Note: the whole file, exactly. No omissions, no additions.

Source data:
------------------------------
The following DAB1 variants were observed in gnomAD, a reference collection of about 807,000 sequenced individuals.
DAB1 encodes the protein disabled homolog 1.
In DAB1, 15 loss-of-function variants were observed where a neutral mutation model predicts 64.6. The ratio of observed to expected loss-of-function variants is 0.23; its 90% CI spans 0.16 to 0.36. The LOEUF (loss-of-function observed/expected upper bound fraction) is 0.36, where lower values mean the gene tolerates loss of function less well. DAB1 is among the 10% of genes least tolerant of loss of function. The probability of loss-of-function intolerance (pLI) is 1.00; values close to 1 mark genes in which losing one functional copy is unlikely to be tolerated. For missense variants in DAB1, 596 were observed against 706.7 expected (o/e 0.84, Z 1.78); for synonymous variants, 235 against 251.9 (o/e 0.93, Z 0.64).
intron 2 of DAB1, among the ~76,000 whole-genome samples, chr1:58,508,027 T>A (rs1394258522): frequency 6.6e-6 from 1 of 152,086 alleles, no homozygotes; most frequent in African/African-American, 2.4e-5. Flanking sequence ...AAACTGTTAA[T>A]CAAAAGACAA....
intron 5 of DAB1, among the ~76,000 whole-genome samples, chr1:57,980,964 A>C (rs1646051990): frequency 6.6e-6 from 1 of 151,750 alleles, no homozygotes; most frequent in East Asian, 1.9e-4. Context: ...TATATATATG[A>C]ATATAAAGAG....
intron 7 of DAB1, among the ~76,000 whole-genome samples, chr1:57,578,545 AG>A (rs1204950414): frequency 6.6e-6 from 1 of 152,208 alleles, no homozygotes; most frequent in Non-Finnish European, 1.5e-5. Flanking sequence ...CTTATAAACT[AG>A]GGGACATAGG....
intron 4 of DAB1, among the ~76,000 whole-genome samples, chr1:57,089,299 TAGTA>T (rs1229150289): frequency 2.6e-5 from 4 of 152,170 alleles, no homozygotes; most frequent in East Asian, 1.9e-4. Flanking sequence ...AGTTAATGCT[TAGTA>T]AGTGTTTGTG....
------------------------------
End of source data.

The following DAB1 variants were observed in gnomAD, a reference collection of about 807,000 sequenced individuals.
DAB1 encodes the protein disabled homolog 1.
In DAB1, 15 loss-of-function variants were observed where a neutral mutation model predicts 64.6. The ratio of observed to expected loss-of-function variants is 0.23; its 90% CI spans 0.16 to 0.36. The LOEUF (loss-of-function observed/expected upper bound fraction) is 0.36, where lower values mean the gene tolerates loss of function less well. DAB1 is among the 10% of genes least tolerant of loss of function. The probability of loss-of-function intolerance (pLI) is 1.00; values close to 1 mark genes in which losing one functional copy is unlikely to be tolerated. For missense variants in DAB1, 596 were observed against 706.7 expected (o/e 0.84, Z 1.78); for synonymous variants, 235 against 251.9 (o/e 0.93, Z 0.64).
intron 2 of DAB1, among the ~76,000 whole-genome samples, chr1:58,508,027 T>A (rs1394258522): frequency 6.6e-6 from 1 of 152,086 alleles, no homozygotes; most frequent in African/African-American, 2.4e-5. Flanking sequence ...AAACTGTTAA[T>A]CAAAAGACAA....
intron 5 of DAB1, among the ~76,000 whole-genome samples, chr1:57,980,964 A>C (rs1646051990): frequency 6.6e-6 from 1 of 151,750 alleles, no homozygotes; most frequent in East Asian, 1.9e-4. Context: ...TATATATATG[A>C]ATATAAAGAG....
intron 7 of DAB1, among the ~76,000 whole-genome samples, chr1:57,578,545 AG>A (rs1204950414): frequency 6.6e-6 from 1 of 152,208 alleles, no homozygotes; most frequent in Non-Finnish European, 1.5e-5. Flanking sequence ...CTTATAAACT[AG>A]GGGACATAGG....
intron 4 of DAB1, among the ~76,000 whole-genome samples, chr1:57,089,299 TAGTA>T (rs1229150289): frequency 2.6e-5 from 4 of 152,170 alleles, no homozygotes; most frequent in East Asian, 1.9e-4. Flanking sequence ...AGTTAATGCT[TAGTA>T]AGTGTTTGTG....